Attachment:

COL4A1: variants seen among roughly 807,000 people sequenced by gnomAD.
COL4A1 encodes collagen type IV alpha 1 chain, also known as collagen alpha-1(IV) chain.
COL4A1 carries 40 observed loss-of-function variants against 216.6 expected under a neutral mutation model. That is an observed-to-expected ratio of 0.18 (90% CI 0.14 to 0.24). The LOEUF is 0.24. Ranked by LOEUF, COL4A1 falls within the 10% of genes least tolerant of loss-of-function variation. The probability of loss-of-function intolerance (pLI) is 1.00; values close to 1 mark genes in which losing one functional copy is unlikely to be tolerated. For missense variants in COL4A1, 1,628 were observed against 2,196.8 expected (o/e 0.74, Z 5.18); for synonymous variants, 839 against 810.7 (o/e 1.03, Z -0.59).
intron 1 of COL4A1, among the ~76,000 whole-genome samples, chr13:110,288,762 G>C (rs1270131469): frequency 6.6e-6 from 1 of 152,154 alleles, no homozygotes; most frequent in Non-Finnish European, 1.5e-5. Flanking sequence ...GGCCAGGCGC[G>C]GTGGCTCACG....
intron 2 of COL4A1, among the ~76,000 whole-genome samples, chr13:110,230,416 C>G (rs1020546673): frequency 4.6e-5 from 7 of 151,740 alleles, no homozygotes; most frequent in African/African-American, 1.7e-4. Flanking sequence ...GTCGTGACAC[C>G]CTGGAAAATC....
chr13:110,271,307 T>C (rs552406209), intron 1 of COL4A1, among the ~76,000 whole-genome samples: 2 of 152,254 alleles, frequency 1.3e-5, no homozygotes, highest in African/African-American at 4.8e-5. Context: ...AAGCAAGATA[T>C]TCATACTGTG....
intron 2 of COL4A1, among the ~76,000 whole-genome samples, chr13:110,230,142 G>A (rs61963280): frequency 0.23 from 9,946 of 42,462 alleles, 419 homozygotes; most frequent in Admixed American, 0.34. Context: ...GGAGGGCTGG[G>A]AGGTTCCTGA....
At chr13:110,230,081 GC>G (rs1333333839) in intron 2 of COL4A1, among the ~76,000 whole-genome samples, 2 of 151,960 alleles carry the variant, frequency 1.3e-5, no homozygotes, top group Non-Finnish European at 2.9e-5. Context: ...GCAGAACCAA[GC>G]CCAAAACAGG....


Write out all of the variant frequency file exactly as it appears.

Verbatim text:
COL4A1: variants seen among roughly 807,000 people sequenced by gnomAD.
COL4A1 encodes collagen type IV alpha 1 chain, also known as collagen alpha-1(IV) chain.
COL4A1 carries 40 observed loss-of-function variants against 216.6 expected under a neutral mutation model. That is an observed-to-expected ratio of 0.18 (90% CI 0.14 to 0.24). The LOEUF is 0.24. Ranked by LOEUF, COL4A1 falls within the 10% of genes least tolerant of loss-of-function variation. The probability of loss-of-function intolerance (pLI) is 1.00; values close to 1 mark genes in which losing one functional copy is unlikely to be tolerated. For missense variants in COL4A1, 1,628 were observed against 2,196.8 expected (o/e 0.74, Z 5.18); for synonymous variants, 839 against 810.7 (o/e 1.03, Z -0.59).
intron 1 of COL4A1, among the ~76,000 whole-genome samples, chr13:110,288,762 G>C (rs1270131469): frequency 6.6e-6 from 1 of 152,154 alleles, no homozygotes; most frequent in Non-Finnish European, 1.5e-5. Flanking sequence ...GGCCAGGCGC[G>C]GTGGCTCACG....
intron 2 of COL4A1, among the ~76,000 whole-genome samples, chr13:110,230,416 C>G (rs1020546673): frequency 4.6e-5 from 7 of 151,740 alleles, no homozygotes; most frequent in African/African-American, 1.7e-4. Flanking sequence ...GTCGTGACAC[C>G]CTGGAAAATC....
chr13:110,271,307 T>C (rs552406209), intron 1 of COL4A1, among the ~76,000 whole-genome samples: 2 of 152,254 alleles, frequency 1.3e-5, no homozygotes, highest in African/African-American at 4.8e-5. Context: ...AAGCAAGATA[T>C]TCATACTGTG....
intron 2 of COL4A1, among the ~76,000 whole-genome samples, chr13:110,230,142 G>A (rs61963280): frequency 0.23 from 9,946 of 42,462 alleles, 419 homozygotes; most frequent in Admixed American, 0.34. Context: ...GGAGGGCTGG[G>A]AGGTTCCTGA....
At chr13:110,230,081 GC>G (rs1333333839) in intron 2 of COL4A1, among the ~76,000 whole-genome samples, 2 of 151,960 alleles carry the variant, frequency 1.3e-5, no homozygotes, top group Non-Finnish European at 2.9e-5. Context: ...GCAGAACCAA[GC>G]CCAAAACAGG....